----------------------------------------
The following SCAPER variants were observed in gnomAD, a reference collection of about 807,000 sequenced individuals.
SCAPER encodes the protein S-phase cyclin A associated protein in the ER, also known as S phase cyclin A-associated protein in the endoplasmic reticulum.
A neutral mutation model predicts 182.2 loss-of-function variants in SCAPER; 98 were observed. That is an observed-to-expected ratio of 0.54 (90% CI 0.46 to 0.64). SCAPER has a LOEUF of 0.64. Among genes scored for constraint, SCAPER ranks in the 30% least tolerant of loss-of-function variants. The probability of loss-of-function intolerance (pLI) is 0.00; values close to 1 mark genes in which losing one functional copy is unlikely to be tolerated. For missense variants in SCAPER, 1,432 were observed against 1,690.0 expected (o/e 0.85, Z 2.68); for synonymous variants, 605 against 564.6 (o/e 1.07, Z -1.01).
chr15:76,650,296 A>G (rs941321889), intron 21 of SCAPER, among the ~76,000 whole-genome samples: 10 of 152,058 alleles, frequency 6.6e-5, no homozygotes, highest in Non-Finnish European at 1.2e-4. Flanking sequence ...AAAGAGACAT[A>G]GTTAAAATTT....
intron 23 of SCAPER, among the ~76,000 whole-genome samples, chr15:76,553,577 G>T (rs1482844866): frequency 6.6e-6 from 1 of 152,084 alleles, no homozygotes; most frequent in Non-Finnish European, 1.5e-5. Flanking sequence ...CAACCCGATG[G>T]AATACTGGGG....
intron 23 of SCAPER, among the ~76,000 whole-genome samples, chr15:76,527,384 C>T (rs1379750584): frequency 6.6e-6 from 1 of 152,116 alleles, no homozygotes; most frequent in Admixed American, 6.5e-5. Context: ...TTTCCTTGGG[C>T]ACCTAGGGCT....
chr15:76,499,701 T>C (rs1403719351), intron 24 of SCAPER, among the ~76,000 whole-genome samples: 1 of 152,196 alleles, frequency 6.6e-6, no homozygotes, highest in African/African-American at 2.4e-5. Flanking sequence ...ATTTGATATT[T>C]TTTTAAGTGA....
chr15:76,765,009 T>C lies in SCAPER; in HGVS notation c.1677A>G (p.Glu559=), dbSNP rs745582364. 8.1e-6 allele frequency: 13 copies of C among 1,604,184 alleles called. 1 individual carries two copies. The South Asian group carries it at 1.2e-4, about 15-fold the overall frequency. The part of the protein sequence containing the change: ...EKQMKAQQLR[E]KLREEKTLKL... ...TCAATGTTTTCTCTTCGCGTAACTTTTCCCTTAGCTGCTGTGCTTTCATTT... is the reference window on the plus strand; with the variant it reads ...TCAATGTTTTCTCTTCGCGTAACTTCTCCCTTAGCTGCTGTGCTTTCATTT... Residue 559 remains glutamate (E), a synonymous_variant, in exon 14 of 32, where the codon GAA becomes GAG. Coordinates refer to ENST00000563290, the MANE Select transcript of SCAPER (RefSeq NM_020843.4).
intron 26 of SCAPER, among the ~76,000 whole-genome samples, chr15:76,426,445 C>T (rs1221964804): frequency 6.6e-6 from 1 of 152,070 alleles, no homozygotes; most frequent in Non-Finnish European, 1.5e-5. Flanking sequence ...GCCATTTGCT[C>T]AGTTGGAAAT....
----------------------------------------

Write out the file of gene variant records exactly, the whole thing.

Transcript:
The following SCAPER variants were observed in gnomAD, a reference collection of about 807,000 sequenced individuals.
SCAPER encodes the protein S-phase cyclin A associated protein in the ER, also known as S phase cyclin A-associated protein in the endoplasmic reticulum.
A neutral mutation model predicts 182.2 loss-of-function variants in SCAPER; 98 were observed. That is an observed-to-expected ratio of 0.54 (90% CI 0.46 to 0.64). SCAPER has a LOEUF of 0.64. Among genes scored for constraint, SCAPER ranks in the 30% least tolerant of loss-of-function variants. The probability of loss-of-function intolerance (pLI) is 0.00; values close to 1 mark genes in which losing one functional copy is unlikely to be tolerated. For missense variants in SCAPER, 1,432 were observed against 1,690.0 expected (o/e 0.85, Z 2.68); for synonymous variants, 605 against 564.6 (o/e 1.07, Z -1.01).
chr15:76,650,296 A>G (rs941321889), intron 21 of SCAPER, among the ~76,000 whole-genome samples: 10 of 152,058 alleles, frequency 6.6e-5, no homozygotes, highest in Non-Finnish European at 1.2e-4. Flanking sequence ...AAAGAGACAT[A>G]GTTAAAATTT....
intron 23 of SCAPER, among the ~76,000 whole-genome samples, chr15:76,553,577 G>T (rs1482844866): frequency 6.6e-6 from 1 of 152,084 alleles, no homozygotes; most frequent in Non-Finnish European, 1.5e-5. Flanking sequence ...CAACCCGATG[G>T]AATACTGGGG....
intron 23 of SCAPER, among the ~76,000 whole-genome samples, chr15:76,527,384 C>T (rs1379750584): frequency 6.6e-6 from 1 of 152,116 alleles, no homozygotes; most frequent in Admixed American, 6.5e-5. Context: ...TTTCCTTGGG[C>T]ACCTAGGGCT....
chr15:76,499,701 T>C (rs1403719351), intron 24 of SCAPER, among the ~76,000 whole-genome samples: 1 of 152,196 alleles, frequency 6.6e-6, no homozygotes, highest in African/African-American at 2.4e-5. Flanking sequence ...ATTTGATATT[T>C]TTTTAAGTGA....
chr15:76,765,009 T>C lies in SCAPER; in HGVS notation c.1677A>G (p.Glu559=), dbSNP rs745582364. 8.1e-6 allele frequency: 13 copies of C among 1,604,184 alleles called. 1 individual carries two copies. The South Asian group carries it at 1.2e-4, about 15-fold the overall frequency. The part of the protein sequence containing the change: ...EKQMKAQQLR[E]KLREEKTLKL... ...TCAATGTTTTCTCTTCGCGTAACTTTTCCCTTAGCTGCTGTGCTTTCATTT... is the reference window on the plus strand; with the variant it reads ...TCAATGTTTTCTCTTCGCGTAACTTCTCCCTTAGCTGCTGTGCTTTCATTT... Residue 559 remains glutamate (E), a synonymous_variant, in exon 14 of 32, where the codon GAA becomes GAG. Coordinates refer to ENST00000563290, the MANE Select transcript of SCAPER (RefSeq NM_020843.4).
intron 26 of SCAPER, among the ~76,000 whole-genome samples, chr15:76,426,445 C>T (rs1221964804): frequency 6.6e-6 from 1 of 152,070 alleles, no homozygotes; most frequent in Non-Finnish European, 1.5e-5. Flanking sequence ...GCCATTTGCT[C>T]AGTTGGAAAT....